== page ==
The album would only hit #40 on the Billboard charts, but when the next album, ‘1987’ came out, this album soon went double platinum shortly thereafter. It finally got the appreciation it deserved. The album we will discuss here is the US Mix of the album since that is the one I have on vinyl.
The opening riff on “Slide it In” had a whole AC/DC vibe to it and then David comes in and attacks the song with a soulful, blues filled vocal and immediately the album grabs hold and won’t let go. The UK version started with “Gambler” and “Slide it In” is the much better choice for me. The song fit the time and is no holds bar rocking rack.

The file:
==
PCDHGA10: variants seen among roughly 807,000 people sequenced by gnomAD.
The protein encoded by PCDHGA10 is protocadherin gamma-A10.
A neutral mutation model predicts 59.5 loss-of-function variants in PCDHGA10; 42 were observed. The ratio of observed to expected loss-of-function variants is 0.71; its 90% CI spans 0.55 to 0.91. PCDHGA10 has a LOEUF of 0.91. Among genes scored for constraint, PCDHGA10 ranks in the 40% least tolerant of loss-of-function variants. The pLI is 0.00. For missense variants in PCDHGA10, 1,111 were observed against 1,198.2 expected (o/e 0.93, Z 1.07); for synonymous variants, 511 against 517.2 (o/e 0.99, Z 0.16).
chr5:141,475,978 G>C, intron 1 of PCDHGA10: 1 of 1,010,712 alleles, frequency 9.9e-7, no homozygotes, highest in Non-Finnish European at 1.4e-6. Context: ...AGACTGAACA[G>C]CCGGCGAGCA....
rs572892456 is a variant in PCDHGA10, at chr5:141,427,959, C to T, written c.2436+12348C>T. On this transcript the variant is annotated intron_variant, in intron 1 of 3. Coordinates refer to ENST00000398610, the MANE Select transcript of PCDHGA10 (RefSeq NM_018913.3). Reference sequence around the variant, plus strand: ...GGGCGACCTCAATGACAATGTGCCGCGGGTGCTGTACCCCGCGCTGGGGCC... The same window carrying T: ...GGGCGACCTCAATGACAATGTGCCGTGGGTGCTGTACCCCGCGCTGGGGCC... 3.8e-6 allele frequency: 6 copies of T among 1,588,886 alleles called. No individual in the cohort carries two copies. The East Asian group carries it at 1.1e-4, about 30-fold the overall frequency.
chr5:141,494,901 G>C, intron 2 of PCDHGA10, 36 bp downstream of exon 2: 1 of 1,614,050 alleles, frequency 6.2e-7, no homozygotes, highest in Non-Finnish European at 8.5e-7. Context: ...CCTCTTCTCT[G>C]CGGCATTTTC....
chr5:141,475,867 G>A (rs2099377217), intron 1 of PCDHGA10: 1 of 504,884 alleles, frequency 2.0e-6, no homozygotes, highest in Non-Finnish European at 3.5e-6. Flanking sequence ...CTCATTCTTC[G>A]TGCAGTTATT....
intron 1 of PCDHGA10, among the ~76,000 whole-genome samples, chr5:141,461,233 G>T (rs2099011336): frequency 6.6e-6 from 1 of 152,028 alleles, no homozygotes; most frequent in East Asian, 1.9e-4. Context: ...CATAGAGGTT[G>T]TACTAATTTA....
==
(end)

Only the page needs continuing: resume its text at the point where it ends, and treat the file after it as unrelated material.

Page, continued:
Then right on its heels is “Slow An’ Easy” which is an even bluesier track that just feels so dirty and nasty. The guitar riff is a classic now and so easily recognizable. This the only song written with David and Micky Moody and probably the best on the album. David is at his finest with his vocals and his delivery is so precise and fits his blues vocals perfectly. However, it is Powell’s drum fills and that kick drum beat that really takes this song to the next level. At this point in my reviews with Whitesnake, this might be the song they have done. The song went to #17 in the US and Whitesnake finally had their big hit in the US. Now the biggest difference between the US mix and the UK mix is there is a little more echo in the US mix.